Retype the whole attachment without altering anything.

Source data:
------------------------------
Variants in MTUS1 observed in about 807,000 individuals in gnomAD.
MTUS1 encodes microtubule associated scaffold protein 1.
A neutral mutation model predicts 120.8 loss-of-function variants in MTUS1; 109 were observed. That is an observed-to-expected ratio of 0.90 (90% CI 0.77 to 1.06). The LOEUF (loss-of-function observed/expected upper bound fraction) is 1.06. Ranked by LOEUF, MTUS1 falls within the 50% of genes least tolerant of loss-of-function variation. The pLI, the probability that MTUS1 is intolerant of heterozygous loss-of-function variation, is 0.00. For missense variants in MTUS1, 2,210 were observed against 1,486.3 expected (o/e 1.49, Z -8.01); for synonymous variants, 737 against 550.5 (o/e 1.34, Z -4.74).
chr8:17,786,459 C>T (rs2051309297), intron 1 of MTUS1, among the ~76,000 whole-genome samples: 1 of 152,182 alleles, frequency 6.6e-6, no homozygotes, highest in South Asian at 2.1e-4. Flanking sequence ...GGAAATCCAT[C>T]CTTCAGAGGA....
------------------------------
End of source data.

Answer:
Variants in MTUS1 observed in about 807,000 individuals in gnomAD.
MTUS1 encodes microtubule associated scaffold protein 1.
A neutral mutation model predicts 120.8 loss-of-function variants in MTUS1; 109 were observed. That is an observed-to-expected ratio of 0.90 (90% CI 0.77 to 1.06). The LOEUF (loss-of-function observed/expected upper bound fraction) is 1.06. Ranked by LOEUF, MTUS1 falls within the 50% of genes least tolerant of loss-of-function variation. The pLI, the probability that MTUS1 is intolerant of heterozygous loss-of-function variation, is 0.00. For missense variants in MTUS1, 2,210 were observed against 1,486.3 expected (o/e 1.49, Z -8.01); for synonymous variants, 737 against 550.5 (o/e 1.34, Z -4.74).
chr8:17,786,459 C>T (rs2051309297), intron 1 of MTUS1, among the ~76,000 whole-genome samples: 1 of 152,182 alleles, frequency 6.6e-6, no homozygotes, highest in South Asian at 2.1e-4. Flanking sequence ...GGAAATCCAT[C>T]CTTCAGAGGA....